Work-in-Progress sessions (WIPs) are at risk of getting bogged down at the wrong level of feedback, most often focusing on specific edits or details that may not be the top priority, with the focus often driven by those who speak up first.

Several steps can help deploy the group’s time well and find the right level of discussion:

  • Appoint a moderator to monitor the time and ensure all who have input are heard.
  • Ask the individual whose materials are being reviewed to give a brief (2-3 minutes max) overview of who the audience is for the work and where they feel they most need input.
  • Then use a zoom-in format for finding the right level for review and critique.

Most WIPs will not reach all levels of zooming in. This approach works because it ensures larger concerns are discussed first. Word and sentence edits are not crucial if the whole product is poorly organized or unclear.

To guide discussion at each level, use framing questions and topics like these:

30,000 feet

  • Is content appropriate for the audience?
  • Can the audience/reader summarize the gist accurately?
  • Are materials engaging (i.e., clarity, title, rationale, implications of findings)?
  • Are materials properly formatted?
  • Is speaking volume, intonation, and pace optimal?
  • Is use of space in poster or written material well-allocated?

10,000 feet 

  • Is the information well-organized?
  • Does it unfold in a logical fashion?
  • Was time/space allocation well-distributed?
  • Are methods clear and results flow from methods?
  • Does discussion overreach the results?
  • Are challenges and considerations addressed?


  • Are materials attractive and within conventional expectations for style and clarity?
  • Is logic tight connecting rationale, objective, methods and results?
  • Is word choice crisp and consistent?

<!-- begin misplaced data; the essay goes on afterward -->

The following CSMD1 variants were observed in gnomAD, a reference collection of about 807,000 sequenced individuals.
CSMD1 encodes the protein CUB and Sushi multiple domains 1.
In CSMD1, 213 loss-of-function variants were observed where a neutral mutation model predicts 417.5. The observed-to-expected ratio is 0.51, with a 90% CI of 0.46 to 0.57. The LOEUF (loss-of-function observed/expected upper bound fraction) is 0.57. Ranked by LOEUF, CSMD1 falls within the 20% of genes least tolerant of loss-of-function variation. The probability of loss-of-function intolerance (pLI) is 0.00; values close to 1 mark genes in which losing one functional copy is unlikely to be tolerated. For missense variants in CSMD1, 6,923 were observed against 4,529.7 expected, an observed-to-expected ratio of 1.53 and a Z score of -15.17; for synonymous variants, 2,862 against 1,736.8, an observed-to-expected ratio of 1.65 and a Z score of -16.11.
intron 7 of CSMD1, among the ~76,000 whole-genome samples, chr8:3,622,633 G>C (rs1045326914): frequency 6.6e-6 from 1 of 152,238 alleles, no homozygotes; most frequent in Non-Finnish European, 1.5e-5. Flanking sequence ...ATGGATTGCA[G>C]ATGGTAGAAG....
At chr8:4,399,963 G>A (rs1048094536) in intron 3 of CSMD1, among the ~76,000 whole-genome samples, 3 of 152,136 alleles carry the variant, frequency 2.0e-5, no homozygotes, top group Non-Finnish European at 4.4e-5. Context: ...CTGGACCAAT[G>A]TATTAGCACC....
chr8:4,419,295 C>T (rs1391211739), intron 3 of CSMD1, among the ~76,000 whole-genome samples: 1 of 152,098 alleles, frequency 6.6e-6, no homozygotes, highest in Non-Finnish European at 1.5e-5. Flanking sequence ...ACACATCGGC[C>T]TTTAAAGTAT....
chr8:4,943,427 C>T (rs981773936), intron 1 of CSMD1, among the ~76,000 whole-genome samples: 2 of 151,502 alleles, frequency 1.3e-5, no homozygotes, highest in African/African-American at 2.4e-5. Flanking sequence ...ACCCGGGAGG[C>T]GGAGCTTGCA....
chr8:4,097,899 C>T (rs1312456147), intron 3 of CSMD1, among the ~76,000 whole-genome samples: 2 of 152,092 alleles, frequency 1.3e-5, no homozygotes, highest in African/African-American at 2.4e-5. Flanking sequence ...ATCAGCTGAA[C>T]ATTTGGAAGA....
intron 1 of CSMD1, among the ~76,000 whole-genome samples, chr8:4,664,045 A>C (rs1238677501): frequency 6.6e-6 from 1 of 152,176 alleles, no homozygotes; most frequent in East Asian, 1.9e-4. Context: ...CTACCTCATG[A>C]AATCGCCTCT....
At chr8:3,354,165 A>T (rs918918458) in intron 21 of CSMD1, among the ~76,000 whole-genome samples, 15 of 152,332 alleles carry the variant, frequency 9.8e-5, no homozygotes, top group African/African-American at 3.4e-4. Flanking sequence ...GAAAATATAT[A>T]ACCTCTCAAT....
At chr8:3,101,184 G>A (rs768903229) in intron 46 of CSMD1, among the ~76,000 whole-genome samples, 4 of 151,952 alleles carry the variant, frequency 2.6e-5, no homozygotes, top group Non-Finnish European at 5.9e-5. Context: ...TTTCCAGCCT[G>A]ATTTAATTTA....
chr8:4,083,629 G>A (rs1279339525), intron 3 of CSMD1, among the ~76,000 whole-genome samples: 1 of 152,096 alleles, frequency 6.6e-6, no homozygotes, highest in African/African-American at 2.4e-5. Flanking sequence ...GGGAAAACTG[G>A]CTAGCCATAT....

Is word choice consistent?

For presentations:

  • Quick slide-by-slide feedback

For written materials:

  • Section-by-section or
  • Paragraph-by-paragraph feedback
  • Include tables and figures

For posters:

Section-by-section feedback


  • Font size, readability
  • Table and figure legends
  • Typos


  • Choice of stronger words
  • Use of symbols
  • Micro-edits
  • References

Additional Tips

  • Prohibit use of laptops and ask the group to silence devices.
  • Print materials for review in order to allow participants to provide edits and comments that may not fit in the discussion time.
  • Encourage return for additional rounds after revisions.

Save time for participants who have had review and critique in prior sessions to report on progress and to celebrate successes like publications and successful presentations.

Related Posts:

How to start a near-peer work-in-progress group
Avoiding Barriers Between Your Work and Your Reviewer
One-Minute Writing Roundup

Want to live on the Edge?


Join the conversation

Your email address will not be published. Required fields are marked *

Saving subscription status...

1 Comment
Rachel Bonami says:

I’ve particpated in multidisciplinary WIP at Vanderbilt as part of the BIRCWH Scholars program for over a year how. As a result, I’ve improved my ability to distill my science into clear, compelling language that peers outside my field can understand. I expected to sharpen my aims pages and other grant components when it was my turn to be critiqued, and I did. What I did not anticipate was how much my writing would improve from watching my peers in the ‘hot seat’. Learning the ‘formula’ of persuasive grant writing by critiquing science I was unfamiliar with was a highly effective way for me learn the right structure and level of detail to include. I’m really grateful for all that I’ve learned and highly recommend this as a strategy to take your science to the next level.

You May Also Like